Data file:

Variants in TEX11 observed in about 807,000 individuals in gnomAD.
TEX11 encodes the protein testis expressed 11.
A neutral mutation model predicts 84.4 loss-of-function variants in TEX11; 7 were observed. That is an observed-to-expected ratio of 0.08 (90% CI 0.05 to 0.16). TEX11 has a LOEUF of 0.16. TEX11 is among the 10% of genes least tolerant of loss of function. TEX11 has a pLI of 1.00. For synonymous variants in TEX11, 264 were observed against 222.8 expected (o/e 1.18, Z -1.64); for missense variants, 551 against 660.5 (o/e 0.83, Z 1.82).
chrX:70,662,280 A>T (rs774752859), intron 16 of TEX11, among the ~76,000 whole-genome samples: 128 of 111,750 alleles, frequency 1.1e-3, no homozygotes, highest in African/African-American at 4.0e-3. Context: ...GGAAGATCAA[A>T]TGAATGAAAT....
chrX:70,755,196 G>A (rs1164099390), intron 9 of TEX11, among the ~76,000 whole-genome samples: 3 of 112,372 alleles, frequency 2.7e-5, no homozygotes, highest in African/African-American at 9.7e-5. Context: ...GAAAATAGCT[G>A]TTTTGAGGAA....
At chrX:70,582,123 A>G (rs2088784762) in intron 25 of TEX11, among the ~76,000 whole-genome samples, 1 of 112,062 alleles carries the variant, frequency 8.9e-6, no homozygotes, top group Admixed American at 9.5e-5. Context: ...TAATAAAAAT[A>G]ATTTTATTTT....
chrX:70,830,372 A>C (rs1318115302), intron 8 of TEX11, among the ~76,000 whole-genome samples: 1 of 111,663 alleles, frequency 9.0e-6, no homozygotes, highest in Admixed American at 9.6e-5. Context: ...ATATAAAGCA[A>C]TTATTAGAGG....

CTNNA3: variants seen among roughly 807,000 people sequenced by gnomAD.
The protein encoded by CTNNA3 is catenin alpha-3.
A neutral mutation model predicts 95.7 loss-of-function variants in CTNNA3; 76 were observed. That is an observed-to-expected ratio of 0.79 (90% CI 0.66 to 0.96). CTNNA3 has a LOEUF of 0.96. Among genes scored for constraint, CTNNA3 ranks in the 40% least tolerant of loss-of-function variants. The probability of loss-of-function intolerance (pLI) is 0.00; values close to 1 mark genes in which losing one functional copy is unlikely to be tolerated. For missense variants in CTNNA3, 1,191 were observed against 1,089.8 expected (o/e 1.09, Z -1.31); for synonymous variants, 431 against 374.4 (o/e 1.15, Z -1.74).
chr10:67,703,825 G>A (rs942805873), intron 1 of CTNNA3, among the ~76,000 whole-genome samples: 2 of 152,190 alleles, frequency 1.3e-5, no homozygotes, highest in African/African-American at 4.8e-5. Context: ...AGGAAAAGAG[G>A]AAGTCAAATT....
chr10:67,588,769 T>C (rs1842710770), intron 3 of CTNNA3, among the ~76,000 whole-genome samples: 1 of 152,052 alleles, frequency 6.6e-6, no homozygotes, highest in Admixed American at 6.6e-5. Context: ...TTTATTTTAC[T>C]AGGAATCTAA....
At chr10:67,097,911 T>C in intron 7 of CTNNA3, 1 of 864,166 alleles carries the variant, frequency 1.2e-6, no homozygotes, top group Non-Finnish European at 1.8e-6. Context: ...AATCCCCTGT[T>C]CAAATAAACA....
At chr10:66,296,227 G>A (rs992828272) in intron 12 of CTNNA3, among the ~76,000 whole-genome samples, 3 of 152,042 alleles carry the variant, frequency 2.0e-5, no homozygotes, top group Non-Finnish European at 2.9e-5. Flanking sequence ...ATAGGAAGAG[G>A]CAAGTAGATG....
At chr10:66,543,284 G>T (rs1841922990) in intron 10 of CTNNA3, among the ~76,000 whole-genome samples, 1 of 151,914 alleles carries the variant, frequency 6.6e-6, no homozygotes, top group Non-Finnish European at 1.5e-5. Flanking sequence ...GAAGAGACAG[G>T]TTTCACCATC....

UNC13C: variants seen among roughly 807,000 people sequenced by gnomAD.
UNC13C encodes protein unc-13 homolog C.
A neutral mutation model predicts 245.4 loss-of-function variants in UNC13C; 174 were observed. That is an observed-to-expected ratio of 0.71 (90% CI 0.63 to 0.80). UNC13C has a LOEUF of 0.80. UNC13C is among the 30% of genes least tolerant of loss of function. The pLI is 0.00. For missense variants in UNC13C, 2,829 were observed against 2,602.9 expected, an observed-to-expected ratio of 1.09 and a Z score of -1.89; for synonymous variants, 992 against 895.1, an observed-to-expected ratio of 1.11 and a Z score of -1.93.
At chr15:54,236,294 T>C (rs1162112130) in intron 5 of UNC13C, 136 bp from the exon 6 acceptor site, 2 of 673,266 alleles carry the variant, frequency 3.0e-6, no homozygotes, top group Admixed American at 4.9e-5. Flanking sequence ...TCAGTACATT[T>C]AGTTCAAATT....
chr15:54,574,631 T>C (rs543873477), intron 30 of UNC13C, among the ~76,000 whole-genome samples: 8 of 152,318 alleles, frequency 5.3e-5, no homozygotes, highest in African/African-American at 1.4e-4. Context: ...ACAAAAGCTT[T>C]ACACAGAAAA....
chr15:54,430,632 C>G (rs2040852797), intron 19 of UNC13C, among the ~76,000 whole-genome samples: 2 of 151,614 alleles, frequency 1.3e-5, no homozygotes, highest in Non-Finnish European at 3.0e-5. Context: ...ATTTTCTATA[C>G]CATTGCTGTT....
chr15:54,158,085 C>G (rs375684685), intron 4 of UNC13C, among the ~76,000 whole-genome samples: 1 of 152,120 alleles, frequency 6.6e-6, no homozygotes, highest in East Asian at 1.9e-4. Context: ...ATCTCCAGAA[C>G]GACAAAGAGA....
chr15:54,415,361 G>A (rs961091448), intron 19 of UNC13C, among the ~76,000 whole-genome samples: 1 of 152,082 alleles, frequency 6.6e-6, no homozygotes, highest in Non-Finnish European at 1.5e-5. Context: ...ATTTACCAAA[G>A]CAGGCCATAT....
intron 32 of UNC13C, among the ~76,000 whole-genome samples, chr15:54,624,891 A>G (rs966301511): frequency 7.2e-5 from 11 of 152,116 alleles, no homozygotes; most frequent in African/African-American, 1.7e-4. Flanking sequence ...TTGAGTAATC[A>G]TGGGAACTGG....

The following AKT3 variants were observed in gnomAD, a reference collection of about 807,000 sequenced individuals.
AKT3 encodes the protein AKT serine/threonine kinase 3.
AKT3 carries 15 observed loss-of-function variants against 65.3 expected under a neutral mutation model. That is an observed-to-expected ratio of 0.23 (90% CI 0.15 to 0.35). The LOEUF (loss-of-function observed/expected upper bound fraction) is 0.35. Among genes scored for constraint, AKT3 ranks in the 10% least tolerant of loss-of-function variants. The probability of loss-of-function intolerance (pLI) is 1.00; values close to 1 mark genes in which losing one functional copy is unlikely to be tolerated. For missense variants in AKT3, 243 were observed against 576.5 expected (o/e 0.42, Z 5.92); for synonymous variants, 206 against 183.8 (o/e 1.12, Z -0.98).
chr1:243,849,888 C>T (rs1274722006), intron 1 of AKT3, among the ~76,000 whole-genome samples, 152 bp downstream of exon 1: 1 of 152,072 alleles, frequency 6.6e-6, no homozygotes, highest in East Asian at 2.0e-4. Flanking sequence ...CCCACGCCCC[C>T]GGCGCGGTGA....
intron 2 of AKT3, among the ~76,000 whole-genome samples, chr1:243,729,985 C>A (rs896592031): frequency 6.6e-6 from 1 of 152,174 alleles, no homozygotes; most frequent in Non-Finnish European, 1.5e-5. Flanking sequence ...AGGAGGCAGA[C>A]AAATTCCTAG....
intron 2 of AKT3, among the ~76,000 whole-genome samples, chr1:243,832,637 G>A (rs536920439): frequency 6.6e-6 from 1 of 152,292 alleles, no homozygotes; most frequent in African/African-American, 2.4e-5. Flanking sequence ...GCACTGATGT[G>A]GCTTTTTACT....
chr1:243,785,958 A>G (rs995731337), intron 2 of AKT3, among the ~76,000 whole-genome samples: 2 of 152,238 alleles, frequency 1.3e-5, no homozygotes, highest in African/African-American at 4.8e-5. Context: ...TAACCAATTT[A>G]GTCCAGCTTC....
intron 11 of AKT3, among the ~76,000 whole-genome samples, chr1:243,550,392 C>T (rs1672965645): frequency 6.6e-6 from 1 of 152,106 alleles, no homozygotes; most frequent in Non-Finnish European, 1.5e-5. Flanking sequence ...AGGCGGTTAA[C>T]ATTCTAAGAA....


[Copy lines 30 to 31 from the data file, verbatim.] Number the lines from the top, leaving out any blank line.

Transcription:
intron 2 of AKT3, among the ~76,000 whole-genome samples, chr1:243,832,637 G>A (rs536920439): frequency 6.6e-6 from 1 of 152,292 alleles, no homozygotes; most frequent in African/African-American, 2.4e-5. Flanking sequence ...GCACTGATGT[G>A]GCTTTTTACT....
chr1:243,785,958 A>G (rs995731337), intron 2 of AKT3, among the ~76,000 whole-genome samples: 2 of 152,238 alleles, frequency 1.3e-5, no homozygotes, highest in African/African-American at 4.8e-5. Context: ...TAACCAATTT[A>G]GTCCAGCTTC....